From Publishers Weekly
A redhead herself, NPR commentator Roach has an odd chip on her shoulder about it, relating all sorts of travails and opinions connected to red hair that the average non-redhead may never have guessed existed. To get to the bottom of our perceptions and experience of red hair, she explores the ancient legends of Lilith and Set, the traditions that depict both Judas and Mary Magdalene as redheads, and an Eve in London's St. Paul's Cathedral that has blond hair before the Fall and red hair after it. She visits "witch camp" in Vermont, a high-end hair salon in Manhattan, and Emily Dickinson's house, where a carefully preserved lock of the poet's red hair transforms Roach's image of her. Along the way, Roach (Another Name for Madness
) makes some poignant points about what it means to belong to the redheaded minority in Western society, making gently suggestive comparisons to more overt patterns of prejudice. Yet the author seems to accept preconceptions about the sexuality and vivacity associated with red hair, and her jumping between examples often reads more like breathless conjecture than fact and leaches energy from extended vignettes, such as her visit with the witches. Whether readers enjoy this book will have a lot to do with whether they like the narrator's self-conscious red-headed persona. And, of course, whether they are as fascinated as she is by red hair. Agent, Kris Dahl.(July)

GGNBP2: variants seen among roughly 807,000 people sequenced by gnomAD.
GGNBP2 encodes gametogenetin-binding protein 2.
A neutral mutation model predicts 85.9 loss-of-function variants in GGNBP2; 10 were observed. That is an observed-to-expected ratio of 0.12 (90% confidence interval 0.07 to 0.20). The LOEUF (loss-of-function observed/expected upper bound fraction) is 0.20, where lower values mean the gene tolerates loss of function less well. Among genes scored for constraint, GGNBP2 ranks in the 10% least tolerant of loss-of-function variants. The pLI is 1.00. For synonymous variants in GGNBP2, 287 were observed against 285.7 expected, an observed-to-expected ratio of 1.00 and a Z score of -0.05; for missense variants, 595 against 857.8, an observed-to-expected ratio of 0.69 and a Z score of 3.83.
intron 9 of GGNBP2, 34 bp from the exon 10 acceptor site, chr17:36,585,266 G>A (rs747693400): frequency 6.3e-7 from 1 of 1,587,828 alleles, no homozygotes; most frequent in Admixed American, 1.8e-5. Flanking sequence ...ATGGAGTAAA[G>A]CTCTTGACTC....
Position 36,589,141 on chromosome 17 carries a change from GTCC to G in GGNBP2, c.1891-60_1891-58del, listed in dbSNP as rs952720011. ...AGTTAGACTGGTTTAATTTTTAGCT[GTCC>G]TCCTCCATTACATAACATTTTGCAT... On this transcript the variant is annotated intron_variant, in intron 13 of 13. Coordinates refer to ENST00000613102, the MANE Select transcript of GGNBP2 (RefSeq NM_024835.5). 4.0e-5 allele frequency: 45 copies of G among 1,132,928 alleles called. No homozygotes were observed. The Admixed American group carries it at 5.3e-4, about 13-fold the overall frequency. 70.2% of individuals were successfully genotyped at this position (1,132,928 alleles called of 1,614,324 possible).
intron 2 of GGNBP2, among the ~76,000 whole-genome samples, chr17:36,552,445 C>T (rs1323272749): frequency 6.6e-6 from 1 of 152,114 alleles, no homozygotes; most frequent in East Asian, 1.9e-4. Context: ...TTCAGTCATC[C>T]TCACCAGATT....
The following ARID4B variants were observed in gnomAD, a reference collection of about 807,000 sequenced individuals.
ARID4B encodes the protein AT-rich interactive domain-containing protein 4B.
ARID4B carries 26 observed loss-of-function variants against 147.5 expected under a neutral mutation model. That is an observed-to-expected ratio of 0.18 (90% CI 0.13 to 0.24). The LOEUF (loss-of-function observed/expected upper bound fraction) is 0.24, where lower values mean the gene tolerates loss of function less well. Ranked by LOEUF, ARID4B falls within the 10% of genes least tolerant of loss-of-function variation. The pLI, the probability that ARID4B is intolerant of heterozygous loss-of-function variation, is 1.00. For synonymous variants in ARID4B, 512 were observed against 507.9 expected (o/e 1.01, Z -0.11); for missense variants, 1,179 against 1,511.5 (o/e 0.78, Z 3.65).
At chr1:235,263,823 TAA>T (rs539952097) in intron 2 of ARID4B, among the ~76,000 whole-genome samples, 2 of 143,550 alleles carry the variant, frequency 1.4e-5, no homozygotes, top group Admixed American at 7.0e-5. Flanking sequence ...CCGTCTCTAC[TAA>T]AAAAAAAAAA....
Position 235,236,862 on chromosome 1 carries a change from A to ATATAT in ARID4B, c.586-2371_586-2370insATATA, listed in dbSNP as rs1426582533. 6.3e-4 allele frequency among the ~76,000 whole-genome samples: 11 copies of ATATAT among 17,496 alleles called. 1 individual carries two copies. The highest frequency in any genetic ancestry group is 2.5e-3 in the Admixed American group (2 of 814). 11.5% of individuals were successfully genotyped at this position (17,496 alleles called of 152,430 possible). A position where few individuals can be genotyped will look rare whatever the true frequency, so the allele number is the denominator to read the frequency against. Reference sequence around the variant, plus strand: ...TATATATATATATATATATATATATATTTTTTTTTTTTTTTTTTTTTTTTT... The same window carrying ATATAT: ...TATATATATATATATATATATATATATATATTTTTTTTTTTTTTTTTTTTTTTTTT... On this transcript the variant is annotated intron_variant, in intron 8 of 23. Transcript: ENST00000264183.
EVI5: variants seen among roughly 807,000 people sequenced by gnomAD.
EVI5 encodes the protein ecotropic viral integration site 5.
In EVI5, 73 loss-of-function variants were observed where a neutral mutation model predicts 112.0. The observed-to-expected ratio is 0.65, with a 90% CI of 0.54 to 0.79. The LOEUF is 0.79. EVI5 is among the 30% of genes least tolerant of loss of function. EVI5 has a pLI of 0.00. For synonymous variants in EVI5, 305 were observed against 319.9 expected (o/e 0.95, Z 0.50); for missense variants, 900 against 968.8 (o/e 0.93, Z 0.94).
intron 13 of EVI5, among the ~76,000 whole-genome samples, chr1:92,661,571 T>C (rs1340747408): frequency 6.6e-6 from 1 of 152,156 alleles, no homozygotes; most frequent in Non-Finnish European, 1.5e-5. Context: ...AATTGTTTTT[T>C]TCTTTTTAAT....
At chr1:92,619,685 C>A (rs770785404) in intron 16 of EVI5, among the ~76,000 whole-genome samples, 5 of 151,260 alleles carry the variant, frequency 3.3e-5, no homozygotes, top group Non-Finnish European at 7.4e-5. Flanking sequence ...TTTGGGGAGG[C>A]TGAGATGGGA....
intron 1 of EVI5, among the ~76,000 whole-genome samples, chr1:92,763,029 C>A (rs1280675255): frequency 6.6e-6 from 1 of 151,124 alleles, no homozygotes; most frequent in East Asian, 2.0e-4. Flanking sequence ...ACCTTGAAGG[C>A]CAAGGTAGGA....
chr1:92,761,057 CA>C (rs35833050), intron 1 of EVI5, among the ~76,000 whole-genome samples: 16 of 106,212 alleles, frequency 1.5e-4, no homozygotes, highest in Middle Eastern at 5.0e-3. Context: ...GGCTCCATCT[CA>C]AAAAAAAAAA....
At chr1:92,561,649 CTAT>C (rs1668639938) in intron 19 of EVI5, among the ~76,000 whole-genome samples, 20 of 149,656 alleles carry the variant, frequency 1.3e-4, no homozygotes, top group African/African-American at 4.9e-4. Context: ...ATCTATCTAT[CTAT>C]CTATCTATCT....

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"Roach approaches her subject from several angles, providing much that's entertaining."